Challenges with RLS in the Classroom

September 11, 2019 Back to School with RLS By Kris Schanilec As kids head back to school this fall, many will be facing a unique ch...

September 11, 2019
Back to School with RLS

By Kris Schanilec

As kids head back to school this fall, many will be facing a unique challenge. For children and adolescents with RLS (an estimated 1.5 million kids in the US alone), sitting still in a classroom can be very difficult. Like adults, kids with RLS tend to seek relief from their discomfort by moving their legs – for example, by fidgeting, stretching or changing position. Moreover, unlike adults, kids often complain of RLS sensations more during the day than at night. Add to this the effects of sleep deprivation on mood and attention, and RLS kids in the classroom can be in for a bumpy ride.

Teachers and other adults in schools need to be aware that RLS is a legitimate medical condition, and that your child needs support and accommodations. Here are some strategies to help ensure your child can manage his or her RLS to thrive at school.

Talk openly with family members about RLS.

Your child is struggling with a disease that is difficult to understand. By educating your whole family about RLS, you can help create a safe environment for your child to talk about symptoms and feelings. The Foundation has resources to help, such as the RLS Guide for Teens, an RLS children’s booklet (The Adventures of Patty Pillow), a patient handout and a healthcare provider brochure.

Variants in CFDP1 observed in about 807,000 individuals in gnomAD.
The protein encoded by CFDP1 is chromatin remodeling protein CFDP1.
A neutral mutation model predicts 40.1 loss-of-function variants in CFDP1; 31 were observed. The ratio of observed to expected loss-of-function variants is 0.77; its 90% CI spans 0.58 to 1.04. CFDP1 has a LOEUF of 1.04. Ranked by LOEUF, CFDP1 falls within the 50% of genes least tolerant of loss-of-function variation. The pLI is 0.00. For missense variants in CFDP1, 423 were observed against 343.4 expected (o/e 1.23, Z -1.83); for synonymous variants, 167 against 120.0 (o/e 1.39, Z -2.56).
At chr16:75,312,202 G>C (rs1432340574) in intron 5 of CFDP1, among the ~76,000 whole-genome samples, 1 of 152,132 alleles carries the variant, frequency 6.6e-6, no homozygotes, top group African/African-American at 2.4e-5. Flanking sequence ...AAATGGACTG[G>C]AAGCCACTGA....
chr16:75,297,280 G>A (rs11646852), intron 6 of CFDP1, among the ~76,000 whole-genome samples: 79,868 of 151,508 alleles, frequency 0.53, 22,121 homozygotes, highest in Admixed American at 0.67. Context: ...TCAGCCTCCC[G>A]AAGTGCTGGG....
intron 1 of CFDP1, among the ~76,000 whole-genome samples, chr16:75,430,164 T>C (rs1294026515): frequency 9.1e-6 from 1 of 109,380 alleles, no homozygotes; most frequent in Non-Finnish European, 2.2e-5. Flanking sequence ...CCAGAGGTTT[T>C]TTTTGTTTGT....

Talk with your child’s teacher.

Make an appointment to speak with your child’s teachers, school nurse and school counselor. These individuals can help you create an informal plan or a formalized plan (such as a Section 504 plan or Individualized Education Program) with accommodations that allow your child to manage RLS symptoms while at school and during school activities. For example, stretching or standing can help during classes; applying ice or heating pads may help when sitting for periods of time. You can also share handouts about RLS with the adults who will be supervising your child.

Establish a routine.

A solid bedtime routine will help your child fall asleep faster and stay asleep longer. Here are some good rules of thumb:

  • Go to bed and wake up at the same time every day.
  • Avoid large meals or snacks right before going to bed.
  • Turn off electronics at least two hours before bedtime and encourage quiet activities like reading a book (not on a tablet or phone) or taking a bath. Keep all electronics out of the bedroom.
  • Make sure your child gets plenty of fresh air and exercise to support a healthy sleep-wake cycle.
  • Remind your child to avoid common RLS triggers, such as caffeine, sugar, nicotine, alcohol, stress and extreme exercise. (Moderate exercise is best.)
Be assertive.

Finally, remember that while teachers and others at your child’s school may be juggling many priorities, at the end of the day, their No. 1 priority is the children in their care. They want and need to know if things are not going well, if accommodations in place are not working, or if your child reports any teasing or bullying. Don’t be afraid to speak up about your concerns. You are your child’s most important advocate – and your efforts may help another child with RLS in the future!

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